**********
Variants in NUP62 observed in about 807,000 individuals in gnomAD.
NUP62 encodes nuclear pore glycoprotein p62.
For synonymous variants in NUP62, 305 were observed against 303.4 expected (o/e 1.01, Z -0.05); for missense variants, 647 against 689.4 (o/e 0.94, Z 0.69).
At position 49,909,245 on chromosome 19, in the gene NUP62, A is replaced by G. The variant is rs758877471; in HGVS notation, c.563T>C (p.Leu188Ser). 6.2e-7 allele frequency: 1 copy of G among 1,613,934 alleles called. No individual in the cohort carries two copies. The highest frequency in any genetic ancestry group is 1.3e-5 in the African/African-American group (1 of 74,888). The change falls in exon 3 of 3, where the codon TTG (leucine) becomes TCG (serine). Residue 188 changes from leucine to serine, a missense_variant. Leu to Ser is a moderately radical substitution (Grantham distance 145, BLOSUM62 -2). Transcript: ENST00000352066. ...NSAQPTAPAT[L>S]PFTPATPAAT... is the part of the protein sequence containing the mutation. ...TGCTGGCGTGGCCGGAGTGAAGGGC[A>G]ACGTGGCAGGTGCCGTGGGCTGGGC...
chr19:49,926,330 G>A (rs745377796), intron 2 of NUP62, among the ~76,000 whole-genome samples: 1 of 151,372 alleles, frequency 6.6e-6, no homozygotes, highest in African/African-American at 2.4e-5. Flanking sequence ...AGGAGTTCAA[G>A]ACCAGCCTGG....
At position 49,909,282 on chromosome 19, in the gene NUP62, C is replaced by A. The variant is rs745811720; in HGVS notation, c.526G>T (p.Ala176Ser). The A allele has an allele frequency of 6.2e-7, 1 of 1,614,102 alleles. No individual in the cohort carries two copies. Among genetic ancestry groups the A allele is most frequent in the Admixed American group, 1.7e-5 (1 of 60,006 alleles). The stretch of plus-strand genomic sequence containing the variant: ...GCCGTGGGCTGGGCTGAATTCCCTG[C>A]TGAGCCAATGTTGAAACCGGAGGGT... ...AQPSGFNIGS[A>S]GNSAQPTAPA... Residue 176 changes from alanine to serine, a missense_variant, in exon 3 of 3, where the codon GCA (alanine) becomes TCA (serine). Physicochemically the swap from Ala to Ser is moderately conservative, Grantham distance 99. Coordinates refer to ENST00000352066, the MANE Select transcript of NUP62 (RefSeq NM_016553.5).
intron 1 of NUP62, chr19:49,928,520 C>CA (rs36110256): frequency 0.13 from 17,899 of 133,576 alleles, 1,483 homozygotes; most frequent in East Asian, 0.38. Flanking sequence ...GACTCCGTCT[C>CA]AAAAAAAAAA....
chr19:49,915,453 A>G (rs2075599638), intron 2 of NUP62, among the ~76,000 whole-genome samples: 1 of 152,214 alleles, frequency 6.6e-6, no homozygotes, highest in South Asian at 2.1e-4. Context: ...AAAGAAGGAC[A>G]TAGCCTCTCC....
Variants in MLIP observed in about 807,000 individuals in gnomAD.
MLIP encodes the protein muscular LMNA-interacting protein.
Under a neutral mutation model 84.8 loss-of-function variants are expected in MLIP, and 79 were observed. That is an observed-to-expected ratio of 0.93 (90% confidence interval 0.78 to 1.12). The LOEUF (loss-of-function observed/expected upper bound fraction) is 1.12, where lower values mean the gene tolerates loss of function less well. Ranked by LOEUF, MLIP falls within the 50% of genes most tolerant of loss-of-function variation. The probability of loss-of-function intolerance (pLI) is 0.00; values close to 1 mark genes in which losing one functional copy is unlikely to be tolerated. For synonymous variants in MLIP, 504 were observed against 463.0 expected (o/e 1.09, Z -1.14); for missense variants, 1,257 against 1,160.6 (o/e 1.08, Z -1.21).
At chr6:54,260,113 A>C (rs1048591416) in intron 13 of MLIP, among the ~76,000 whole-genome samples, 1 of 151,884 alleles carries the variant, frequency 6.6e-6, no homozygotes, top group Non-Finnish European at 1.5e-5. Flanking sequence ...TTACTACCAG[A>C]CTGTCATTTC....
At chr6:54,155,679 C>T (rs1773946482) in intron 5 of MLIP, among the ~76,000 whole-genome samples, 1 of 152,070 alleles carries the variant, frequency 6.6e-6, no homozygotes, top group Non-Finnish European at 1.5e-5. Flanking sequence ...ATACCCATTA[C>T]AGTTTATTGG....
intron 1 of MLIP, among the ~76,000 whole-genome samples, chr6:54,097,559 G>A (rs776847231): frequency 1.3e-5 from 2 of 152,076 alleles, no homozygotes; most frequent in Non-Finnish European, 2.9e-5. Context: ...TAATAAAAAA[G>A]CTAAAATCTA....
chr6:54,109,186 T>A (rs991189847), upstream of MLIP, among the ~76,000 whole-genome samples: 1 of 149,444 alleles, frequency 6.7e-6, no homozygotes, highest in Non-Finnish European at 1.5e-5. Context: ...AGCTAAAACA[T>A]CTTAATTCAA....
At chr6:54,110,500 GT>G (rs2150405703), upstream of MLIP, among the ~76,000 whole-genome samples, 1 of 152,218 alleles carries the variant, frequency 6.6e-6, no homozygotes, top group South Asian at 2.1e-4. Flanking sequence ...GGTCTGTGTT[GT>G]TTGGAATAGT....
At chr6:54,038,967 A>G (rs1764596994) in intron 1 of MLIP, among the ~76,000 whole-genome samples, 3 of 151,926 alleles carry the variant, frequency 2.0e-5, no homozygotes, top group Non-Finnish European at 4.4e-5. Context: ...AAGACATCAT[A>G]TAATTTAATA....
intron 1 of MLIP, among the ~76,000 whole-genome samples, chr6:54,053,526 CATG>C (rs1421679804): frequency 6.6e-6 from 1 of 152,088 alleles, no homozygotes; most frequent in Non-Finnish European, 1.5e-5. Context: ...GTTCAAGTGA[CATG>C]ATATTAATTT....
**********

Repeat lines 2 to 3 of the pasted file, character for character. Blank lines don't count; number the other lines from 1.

NUP62 encodes nuclear pore glycoprotein p62.
For synonymous variants in NUP62, 305 were observed against 303.4 expected (o/e 1.01, Z -0.05); for missense variants, 647 against 689.4 (o/e 0.94, Z 0.69).